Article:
PILGRIMAGES: After talking about the origins, history, and the status of the present-day Manzanar and Tule Lake Pilgrimages, the focus of an October 8, 2011 event at the Japanese American National Museum turned to the future of both pilgrimages, along with that of Japanese American community organizations.
LOS ANGELES — Panelists representing the Manzanar and Tule Lake Pilgrimages, along with students, primarily from the University of California, Los Angeles, discussed the origins, history and future of both pilgrimages during Community Builders: Japanese American Activism, 1960-1980 (Part 1), an event sponsored by the Japanese American National Museum (JANM) on October 8.
After concentrating mostly on the origins and history of each pilgrimage (see Panel Looks At Past, Present And Future Of Manzanar And Tule Lake Pilgrimages During JANM Event), the focus shifted towards the future.
With the Manzanar Pilgrimage entering its 43rd year, and with the Tule Lake Pilgrimage now 37 years old, panelists grappled with question of what role the two pilgrimages will play in the Japanese American community, not to mention society in general, and what lies ahead for both long-standing traditions.
One challenge facing the Tule Lake Pilgrimage is finding a way to allow more people to participate.
“We travel together on the buses, and the buses, in a sense, form communities, spending four days together, processing, sharing stories, getting to know people,” said Takei, a Sansei from Sacramento, California, whose mother was incarcerated at Tule Lake before it became a segregation center, as well as at the Amache camp. “I think this is the thing about the Tule Lake Pilgrimage. When you’re traveling together, eating your meals together, you’re living together in the dorms, and going and visiting the site together, there’s a lot of sharing that goes on, and I think that is one of the very powerful parts of the experience.”
“But we can’t accommodate the numbers that [attend] the Manzanar Pilgrimage, which is usually over 1,000 people,” added Takei. “That’s the thing that we’re looking at in the future, trying to find ways to accommodate more people, because the healing process continues.”
Takei, who co-authored, Tule Lake Revisited: A Brief History and Guide to the Tule Lake Internment Camp Site, with Judy Tachibana in 2001, also stressed that the pilgrimages should always shine a bright spotlight on addressing injustices, and not only those facing Japanese Americans.
“The story of wartime incarceration is such a powerful story of the violation of civil rights that all Americans should care about it,” she noted. “Those of us who have family members who experienced it have the opportunity, that personal connection, to share that story, and to find ways to connect the Japanese American story to other stories, incidents and events in social justice.”
“One of the worst parts of the experience for our family members was the sense of isolation, that they were removed, and no one really cared, no one reached out,” she added. “The only group that reached out were the Quakers. In hindsight, we can look back and see the terrible pain that isolation caused. Perhaps we’ll be in a better position to respond when others civil, or other kinds of injustice.”
Embrey emphasized that the Japanese American community has a special responsibility to speak out against injustice.
Students are the ones who really started the pilgrimages, both Tule Lake and Manzanar. When we did that, it’s not like we had all the answers. We were searching for answers. Sometimes, we were just searching for the right questions. But we were willing to take action, and that’s really important, I can’t stress enough how important is it to not be satisfied with just studying the question and saying, ‘hey, that’s not right,’ but going out and doing something [about it]. — Stan Shikuma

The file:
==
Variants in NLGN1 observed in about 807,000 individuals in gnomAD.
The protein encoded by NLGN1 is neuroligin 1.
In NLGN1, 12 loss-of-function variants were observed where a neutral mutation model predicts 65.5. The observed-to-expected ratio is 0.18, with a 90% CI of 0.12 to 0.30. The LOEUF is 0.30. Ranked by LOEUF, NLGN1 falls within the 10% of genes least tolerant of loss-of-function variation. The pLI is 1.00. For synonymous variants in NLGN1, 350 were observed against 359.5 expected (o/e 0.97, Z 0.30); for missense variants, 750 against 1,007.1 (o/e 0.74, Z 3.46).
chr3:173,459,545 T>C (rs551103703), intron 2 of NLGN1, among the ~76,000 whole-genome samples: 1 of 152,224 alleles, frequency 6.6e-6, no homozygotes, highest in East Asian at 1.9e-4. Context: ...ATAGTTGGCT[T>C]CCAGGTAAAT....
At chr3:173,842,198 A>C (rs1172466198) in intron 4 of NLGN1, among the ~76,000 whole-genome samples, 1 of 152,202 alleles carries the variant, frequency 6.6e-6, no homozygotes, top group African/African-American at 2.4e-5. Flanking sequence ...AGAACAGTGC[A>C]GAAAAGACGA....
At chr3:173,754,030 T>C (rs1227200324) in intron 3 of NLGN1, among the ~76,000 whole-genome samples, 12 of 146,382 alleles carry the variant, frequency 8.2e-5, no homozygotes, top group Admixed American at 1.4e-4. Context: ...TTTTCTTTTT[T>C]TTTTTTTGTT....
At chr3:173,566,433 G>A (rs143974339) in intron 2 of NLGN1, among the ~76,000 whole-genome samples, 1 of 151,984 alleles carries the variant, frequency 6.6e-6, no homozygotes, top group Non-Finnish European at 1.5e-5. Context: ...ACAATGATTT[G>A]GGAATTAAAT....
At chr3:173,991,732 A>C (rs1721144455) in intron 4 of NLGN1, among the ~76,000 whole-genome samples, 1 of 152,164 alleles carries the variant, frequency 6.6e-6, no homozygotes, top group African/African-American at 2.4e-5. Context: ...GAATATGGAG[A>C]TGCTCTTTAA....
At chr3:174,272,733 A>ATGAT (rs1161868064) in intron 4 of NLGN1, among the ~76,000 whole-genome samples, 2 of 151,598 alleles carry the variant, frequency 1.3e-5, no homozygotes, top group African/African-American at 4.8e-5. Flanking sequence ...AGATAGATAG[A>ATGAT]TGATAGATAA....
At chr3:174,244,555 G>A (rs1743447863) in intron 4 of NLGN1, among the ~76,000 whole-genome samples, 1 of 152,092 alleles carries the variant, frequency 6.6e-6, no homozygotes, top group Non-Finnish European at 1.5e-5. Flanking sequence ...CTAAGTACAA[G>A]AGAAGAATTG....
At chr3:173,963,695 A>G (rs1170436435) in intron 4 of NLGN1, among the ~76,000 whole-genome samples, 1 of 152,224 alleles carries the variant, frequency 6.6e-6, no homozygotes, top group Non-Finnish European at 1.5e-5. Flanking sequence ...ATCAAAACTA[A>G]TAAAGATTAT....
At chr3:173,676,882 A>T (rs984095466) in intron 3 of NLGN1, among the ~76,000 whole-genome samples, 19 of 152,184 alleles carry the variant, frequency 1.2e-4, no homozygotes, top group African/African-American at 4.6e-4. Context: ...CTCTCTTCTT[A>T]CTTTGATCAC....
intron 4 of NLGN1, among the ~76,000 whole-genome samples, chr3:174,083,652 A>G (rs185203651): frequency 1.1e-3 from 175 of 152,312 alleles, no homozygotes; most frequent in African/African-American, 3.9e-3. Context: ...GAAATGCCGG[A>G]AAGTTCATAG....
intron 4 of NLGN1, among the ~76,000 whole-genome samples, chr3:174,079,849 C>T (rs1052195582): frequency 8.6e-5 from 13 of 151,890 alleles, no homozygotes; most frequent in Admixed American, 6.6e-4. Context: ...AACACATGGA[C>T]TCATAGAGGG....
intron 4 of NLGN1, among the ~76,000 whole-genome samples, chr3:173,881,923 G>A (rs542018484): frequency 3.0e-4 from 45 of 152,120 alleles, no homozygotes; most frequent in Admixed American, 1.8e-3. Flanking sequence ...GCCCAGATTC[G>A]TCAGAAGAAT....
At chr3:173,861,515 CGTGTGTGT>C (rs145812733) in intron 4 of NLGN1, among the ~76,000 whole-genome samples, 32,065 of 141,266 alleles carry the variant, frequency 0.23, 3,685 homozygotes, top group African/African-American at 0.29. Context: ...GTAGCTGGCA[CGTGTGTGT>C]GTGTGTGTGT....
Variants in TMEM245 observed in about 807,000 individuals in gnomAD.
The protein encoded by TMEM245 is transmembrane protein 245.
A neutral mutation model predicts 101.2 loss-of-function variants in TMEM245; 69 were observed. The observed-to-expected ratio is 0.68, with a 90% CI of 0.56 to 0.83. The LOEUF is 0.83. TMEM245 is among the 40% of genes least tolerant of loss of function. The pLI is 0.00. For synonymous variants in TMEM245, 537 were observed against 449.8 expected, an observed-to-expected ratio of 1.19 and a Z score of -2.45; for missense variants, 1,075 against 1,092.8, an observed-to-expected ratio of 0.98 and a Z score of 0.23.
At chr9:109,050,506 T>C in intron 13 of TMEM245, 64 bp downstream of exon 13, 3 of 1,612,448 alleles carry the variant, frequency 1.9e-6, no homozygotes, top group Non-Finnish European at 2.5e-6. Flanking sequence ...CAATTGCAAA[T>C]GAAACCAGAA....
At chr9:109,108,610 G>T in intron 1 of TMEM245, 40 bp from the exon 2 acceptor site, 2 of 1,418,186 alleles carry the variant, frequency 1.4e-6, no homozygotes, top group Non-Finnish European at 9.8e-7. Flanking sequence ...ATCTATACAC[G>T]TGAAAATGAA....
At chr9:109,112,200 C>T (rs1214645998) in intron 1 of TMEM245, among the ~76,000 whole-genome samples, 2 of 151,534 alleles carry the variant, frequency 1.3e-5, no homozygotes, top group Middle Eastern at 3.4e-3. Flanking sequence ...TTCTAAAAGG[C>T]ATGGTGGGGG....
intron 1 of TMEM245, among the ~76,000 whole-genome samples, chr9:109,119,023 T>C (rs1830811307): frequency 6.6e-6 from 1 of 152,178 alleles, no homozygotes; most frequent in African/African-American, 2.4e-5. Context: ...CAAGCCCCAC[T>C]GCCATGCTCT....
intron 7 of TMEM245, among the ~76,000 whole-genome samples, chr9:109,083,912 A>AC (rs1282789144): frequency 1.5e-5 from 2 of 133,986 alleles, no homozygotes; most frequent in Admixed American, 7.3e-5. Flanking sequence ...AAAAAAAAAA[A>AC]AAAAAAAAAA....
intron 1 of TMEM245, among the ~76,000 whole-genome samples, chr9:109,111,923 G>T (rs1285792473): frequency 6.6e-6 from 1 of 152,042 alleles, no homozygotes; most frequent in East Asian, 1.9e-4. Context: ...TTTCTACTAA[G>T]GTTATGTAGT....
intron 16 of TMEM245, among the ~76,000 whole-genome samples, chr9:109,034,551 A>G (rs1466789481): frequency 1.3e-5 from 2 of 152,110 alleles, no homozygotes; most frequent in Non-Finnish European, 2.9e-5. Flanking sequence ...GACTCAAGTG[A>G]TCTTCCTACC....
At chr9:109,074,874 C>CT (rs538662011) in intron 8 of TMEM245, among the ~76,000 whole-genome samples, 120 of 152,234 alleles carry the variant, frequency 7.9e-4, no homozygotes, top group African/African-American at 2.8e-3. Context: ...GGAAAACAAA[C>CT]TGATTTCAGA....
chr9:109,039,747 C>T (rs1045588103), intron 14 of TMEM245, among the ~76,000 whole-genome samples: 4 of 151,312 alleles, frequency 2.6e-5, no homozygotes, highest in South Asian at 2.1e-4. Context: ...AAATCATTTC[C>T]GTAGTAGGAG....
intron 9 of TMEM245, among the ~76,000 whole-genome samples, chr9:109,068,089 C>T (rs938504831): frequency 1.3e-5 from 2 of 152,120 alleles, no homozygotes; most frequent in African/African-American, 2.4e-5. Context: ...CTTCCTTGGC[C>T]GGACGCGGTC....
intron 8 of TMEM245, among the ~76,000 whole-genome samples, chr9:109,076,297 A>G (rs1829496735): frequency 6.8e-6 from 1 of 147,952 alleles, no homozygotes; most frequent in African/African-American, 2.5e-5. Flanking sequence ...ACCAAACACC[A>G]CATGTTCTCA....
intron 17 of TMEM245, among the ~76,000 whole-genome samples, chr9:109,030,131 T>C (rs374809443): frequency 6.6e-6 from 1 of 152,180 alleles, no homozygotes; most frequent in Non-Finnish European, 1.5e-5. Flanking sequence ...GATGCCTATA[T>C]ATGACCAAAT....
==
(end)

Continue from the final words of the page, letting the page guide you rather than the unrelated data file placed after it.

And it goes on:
“Our community has a unique place in American History, and you can say that Native Americans do too, because, in many ways, reservations were concentration camps,” Embrey stressed. “But our community, as a whole, not just those who were in camp, has a special responsibility to ensure that this country, the broader public, understands what happened on its soil, understands how far the government went to violate our Constitution, and understands the profound economic, psychological—the social dislocation that this act—how it impacted an entire community.”
“We occupy a special place in history, and in this country,” Embrey added. “It is incumbent upon us—actually, we have a responsibility to continue to educate, and continue to bring up the issues of Constitutional rights. This is an ongoing issue that can erupt at any time.”
Historically speaking, what Embrey and Takei described above are what both pilgrimages have been all about since their beginnings in 1969 (Manzanar) and 1975 (Tule Lake).
“Once somebody goes to one of these pilgrimages, it’s a profound transformation,” Embrey noted. “I had an African American reporter come up to me [at one of the recent Manzanar Pilgrimages] and she burst into tears. These are not little vacations, or tours of a historic site. You’re looking at ruins, but they have a profound psychological impact.”
“You’ve got to get people to go, and you have to educate people about what happened,” Embrey added. “This isn’t something that’s easily absorbed. It was very difficult to even get people to talk about it. For decades, people didn’t talk about it, and it took decades for people to come to grips with the camp experience, and to [begin to] heal.”
“The healing process still has to go on. It has had an impact on our community to this day. The Yonsei and Gosei need to understand that it has impacted their families, and their own lives. There is an indirect, empathetic quality that’s very powerful. But there’s also the direct question of how does this relate to some of the struggles going on today, some of the struggles that I face. You have to get people to go to these pilgrimages. It’s incumbent on you, it’s incumbent upon us, to try to draw these lessons for people, and urge them to get involved.”